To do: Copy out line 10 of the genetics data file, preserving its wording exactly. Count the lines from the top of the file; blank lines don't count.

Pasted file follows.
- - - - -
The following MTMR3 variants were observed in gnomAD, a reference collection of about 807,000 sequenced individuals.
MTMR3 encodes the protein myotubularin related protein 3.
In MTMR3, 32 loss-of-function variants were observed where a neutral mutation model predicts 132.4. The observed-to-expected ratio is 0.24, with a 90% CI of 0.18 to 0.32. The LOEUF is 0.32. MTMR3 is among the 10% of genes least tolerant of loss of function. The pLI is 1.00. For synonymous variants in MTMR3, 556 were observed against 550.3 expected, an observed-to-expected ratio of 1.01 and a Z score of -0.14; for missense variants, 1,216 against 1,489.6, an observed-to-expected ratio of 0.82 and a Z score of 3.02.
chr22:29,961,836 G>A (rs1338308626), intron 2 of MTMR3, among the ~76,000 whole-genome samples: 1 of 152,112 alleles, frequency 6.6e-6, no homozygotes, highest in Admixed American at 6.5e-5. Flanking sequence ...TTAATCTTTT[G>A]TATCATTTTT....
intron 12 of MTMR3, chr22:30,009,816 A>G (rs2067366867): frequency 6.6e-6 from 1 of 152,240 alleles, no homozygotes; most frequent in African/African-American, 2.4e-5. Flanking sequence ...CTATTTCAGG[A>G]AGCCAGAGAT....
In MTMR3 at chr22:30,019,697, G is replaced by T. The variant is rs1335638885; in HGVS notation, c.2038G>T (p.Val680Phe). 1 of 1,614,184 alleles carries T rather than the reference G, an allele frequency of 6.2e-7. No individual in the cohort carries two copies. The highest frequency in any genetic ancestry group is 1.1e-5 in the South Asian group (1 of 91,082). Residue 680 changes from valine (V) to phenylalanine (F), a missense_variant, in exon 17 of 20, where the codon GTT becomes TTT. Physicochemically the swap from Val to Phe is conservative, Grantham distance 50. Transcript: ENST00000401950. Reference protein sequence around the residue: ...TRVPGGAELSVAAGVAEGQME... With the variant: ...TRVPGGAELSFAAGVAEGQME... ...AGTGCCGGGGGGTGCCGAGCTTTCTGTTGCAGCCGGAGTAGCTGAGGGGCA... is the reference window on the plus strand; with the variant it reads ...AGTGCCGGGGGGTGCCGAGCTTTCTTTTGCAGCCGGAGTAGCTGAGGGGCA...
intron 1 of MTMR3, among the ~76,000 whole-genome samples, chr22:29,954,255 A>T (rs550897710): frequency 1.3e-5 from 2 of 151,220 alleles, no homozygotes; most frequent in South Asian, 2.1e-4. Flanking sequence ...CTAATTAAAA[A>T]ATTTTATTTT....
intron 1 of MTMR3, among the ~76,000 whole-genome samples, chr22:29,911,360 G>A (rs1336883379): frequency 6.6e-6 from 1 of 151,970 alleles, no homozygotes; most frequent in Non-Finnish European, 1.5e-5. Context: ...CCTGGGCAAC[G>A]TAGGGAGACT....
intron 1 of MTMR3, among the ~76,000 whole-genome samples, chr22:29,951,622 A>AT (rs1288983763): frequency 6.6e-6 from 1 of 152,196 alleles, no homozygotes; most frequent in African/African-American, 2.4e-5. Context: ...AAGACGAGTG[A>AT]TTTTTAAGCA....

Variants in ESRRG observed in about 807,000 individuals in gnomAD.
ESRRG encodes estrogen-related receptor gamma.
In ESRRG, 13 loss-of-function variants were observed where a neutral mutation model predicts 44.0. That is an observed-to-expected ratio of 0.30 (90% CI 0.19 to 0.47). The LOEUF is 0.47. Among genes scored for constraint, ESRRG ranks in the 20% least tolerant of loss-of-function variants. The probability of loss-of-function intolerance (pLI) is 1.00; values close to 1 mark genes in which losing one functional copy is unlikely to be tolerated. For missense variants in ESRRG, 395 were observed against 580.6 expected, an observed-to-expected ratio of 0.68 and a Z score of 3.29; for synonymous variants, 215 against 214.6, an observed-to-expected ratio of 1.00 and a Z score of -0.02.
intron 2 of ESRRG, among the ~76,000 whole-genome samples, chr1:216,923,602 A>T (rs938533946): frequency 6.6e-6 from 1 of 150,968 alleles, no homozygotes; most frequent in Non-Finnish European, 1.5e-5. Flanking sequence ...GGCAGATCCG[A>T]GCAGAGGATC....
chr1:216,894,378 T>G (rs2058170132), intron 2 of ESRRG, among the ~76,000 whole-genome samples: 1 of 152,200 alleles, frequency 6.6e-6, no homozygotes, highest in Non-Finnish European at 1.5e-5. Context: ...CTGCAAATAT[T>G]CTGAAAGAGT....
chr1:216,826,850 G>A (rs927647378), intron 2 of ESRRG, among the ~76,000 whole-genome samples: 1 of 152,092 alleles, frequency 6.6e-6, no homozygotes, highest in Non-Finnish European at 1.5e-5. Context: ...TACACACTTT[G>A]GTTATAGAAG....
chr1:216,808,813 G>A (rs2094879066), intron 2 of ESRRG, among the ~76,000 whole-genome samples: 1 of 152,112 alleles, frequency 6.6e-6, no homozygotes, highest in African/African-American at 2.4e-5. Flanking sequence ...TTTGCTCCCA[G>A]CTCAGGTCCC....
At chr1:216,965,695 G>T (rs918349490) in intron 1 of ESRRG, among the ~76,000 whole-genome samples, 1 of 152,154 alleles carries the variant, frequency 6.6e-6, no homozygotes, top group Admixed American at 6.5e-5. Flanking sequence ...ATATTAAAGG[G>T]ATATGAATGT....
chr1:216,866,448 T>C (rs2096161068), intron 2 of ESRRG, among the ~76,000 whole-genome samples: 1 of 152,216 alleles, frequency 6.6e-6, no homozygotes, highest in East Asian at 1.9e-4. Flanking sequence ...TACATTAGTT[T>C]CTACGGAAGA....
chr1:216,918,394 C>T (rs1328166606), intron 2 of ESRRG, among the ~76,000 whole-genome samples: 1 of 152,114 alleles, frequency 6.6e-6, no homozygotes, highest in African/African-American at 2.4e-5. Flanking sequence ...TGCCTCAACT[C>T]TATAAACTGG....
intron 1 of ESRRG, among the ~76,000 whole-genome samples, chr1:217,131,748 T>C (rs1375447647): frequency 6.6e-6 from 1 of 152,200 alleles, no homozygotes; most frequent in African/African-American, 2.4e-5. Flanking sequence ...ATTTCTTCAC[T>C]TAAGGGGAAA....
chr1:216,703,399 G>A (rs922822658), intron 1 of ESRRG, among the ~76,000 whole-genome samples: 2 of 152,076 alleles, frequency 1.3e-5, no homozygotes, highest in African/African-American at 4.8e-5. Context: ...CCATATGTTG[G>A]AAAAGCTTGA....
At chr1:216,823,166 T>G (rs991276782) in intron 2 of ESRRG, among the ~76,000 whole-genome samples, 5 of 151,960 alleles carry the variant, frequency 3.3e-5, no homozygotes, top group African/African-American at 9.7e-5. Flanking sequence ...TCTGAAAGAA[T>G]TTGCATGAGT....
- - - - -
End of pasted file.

Variants in ESRRG observed in about 807,000 individuals in gnomAD.